In May 2013 the American Psychiatric Association published its most recent edition of the Diagnostic and Statistical Manual (DSM). The DSM is used by clinicians and psychiatrists to diagnose mental health disorders, including Autism Spectrum Disorder. With the release of this latest edition (DSM-V), the previously three separate categories of Autistic Disorder, PDDNOS and Asperger's Syndrome were eliminated and combined under the one term Autism Spectrum Disorder (ASD).
In addition to this change, a diagnosis of ASD will now include severity levels, referred to as specifiers, which are based on the amount of support an individual will need due to challenges with social communication and restricted interests and repetitive behaviors. Co-occurring conditions will also likely impact the assigned severity level. There are three severity levels, detailed in the following table:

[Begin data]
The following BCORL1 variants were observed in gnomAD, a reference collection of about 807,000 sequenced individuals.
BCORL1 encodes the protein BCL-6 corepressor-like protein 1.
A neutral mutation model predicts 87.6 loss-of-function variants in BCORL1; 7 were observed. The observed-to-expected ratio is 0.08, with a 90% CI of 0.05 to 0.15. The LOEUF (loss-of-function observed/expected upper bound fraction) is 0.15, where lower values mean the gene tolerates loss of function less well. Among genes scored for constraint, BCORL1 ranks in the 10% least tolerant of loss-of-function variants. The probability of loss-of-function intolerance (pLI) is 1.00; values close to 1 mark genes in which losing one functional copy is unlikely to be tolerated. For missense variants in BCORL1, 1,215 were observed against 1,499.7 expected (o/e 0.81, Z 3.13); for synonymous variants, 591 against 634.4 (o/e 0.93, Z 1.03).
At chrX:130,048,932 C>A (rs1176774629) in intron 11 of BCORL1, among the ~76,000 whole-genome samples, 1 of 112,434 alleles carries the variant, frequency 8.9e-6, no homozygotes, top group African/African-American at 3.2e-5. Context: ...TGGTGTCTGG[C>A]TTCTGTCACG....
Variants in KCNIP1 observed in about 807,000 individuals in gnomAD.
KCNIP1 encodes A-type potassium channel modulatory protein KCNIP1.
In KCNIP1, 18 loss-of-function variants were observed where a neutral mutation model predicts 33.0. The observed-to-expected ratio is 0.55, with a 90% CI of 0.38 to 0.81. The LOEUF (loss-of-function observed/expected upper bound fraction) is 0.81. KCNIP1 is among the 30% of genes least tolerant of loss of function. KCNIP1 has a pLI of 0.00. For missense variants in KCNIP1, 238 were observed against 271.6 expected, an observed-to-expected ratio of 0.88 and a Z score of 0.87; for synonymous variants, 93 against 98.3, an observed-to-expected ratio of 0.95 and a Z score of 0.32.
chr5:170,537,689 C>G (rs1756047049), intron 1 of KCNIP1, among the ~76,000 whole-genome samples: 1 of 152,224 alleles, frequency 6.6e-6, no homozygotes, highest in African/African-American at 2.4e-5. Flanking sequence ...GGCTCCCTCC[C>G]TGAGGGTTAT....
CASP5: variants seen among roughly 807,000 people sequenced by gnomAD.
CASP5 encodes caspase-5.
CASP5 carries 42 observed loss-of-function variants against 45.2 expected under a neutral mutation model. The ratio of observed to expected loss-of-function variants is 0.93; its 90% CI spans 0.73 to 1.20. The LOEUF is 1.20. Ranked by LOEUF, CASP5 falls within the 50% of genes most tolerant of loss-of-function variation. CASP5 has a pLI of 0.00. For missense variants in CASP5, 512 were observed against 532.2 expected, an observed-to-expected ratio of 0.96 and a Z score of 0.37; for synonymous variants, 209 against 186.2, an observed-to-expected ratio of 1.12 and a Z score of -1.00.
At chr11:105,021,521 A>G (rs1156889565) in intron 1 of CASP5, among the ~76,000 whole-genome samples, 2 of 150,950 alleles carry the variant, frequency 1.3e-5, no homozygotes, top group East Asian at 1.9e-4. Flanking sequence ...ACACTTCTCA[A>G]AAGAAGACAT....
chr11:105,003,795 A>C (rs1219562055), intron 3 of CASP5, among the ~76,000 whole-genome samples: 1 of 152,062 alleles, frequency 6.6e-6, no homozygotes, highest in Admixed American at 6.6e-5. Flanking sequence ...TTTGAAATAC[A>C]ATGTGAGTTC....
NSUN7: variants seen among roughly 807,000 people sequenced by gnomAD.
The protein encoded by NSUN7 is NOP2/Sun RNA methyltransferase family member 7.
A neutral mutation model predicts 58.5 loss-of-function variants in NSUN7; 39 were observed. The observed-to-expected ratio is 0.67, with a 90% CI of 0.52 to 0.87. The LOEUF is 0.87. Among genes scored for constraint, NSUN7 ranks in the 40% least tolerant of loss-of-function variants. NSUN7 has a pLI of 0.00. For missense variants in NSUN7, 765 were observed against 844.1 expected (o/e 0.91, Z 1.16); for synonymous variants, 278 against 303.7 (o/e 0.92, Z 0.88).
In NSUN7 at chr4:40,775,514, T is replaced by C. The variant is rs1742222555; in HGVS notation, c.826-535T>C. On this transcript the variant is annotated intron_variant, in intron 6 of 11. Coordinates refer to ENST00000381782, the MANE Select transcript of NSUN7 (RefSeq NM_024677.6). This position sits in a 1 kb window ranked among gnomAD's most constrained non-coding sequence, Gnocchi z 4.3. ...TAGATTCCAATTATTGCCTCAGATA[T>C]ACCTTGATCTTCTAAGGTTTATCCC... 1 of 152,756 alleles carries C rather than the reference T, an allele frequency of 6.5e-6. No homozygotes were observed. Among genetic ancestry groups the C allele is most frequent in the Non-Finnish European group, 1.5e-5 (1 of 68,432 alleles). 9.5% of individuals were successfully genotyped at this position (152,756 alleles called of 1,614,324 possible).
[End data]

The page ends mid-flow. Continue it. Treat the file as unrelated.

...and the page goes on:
In May 2013 the American Psychiatric Association published its most recent edition of the Diagnostic and Statistical Manual (DSM). The DSM is used by clinicians and psychiatrists to diagnose mental health disorders. Included in this latest edition (DSM-V) is the new diagnostic category of Social Communication Disorder (SCD). It is targeted to children who have difficulty in the social use of language (pragmatics) that impacts comprehension and social skills. In order to meet the criteria for SCD, the difficulty cannot be the result of delayed cognition or other language delays. Unlike children diagnosed with Autism Spectrum Disorder (ASD) who also present with language pragmatics deficits, children diagnosed with SCD will not have met the criteria of restricted interests or repetitive behaviors necessary for a diagnosis of ASD.